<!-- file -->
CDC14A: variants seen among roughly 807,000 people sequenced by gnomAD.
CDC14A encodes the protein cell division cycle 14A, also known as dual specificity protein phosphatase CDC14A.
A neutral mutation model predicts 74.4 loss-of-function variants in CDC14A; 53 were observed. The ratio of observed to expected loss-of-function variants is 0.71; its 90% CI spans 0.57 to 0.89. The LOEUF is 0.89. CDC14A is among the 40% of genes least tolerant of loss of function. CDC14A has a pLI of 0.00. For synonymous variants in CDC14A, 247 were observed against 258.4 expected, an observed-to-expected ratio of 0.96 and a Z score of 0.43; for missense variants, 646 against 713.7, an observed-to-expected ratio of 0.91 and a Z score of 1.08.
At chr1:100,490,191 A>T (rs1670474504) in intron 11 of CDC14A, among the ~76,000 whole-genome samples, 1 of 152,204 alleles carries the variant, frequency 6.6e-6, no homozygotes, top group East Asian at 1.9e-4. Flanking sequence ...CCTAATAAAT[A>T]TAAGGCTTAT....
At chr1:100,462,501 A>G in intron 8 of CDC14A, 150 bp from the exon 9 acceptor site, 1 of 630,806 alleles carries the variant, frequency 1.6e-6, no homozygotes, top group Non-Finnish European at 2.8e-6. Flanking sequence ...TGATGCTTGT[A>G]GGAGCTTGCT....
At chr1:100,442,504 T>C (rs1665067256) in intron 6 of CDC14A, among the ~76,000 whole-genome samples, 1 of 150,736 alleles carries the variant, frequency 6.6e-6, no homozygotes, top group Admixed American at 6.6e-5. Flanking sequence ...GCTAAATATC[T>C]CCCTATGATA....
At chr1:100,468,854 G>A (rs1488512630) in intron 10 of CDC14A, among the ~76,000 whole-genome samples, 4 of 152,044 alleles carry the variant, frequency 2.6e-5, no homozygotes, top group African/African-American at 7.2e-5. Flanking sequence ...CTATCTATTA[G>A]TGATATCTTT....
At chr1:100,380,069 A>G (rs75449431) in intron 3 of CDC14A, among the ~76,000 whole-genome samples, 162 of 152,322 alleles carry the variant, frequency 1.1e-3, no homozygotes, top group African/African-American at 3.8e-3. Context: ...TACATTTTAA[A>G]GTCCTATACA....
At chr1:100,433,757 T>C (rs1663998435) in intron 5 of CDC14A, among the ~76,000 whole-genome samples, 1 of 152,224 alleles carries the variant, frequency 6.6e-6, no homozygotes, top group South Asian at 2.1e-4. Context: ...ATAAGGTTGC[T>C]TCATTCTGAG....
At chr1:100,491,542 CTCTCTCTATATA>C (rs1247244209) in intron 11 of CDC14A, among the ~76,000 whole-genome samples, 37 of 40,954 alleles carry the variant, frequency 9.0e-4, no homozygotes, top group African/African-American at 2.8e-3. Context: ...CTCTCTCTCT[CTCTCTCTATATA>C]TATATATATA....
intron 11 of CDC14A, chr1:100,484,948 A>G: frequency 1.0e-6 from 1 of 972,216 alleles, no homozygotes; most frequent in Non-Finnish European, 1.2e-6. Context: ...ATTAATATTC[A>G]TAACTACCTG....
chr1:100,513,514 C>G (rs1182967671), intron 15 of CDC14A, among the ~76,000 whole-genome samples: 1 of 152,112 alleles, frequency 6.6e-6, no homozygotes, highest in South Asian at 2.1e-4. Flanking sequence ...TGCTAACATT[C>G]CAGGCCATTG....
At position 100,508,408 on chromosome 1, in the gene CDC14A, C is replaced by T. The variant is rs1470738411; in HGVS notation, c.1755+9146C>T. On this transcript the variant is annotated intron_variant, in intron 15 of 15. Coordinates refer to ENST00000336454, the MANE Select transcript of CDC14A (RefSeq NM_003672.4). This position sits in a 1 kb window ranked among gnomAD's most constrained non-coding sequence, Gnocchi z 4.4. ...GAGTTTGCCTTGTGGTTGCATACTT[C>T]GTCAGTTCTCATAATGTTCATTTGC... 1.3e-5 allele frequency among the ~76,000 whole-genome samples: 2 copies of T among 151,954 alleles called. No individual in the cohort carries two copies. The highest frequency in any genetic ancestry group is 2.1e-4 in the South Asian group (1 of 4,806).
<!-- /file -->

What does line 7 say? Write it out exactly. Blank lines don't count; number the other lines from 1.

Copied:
At chr1:100,468,854 G>A (rs1488512630) in intron 10 of CDC14A, among the ~76,000 whole-genome samples, 4 of 152,044 alleles carry the variant, frequency 2.6e-5, no homozygotes, top group African/African-American at 7.2e-5. Flanking sequence ...CTATCTATTA[G>A]TGATATCTTT....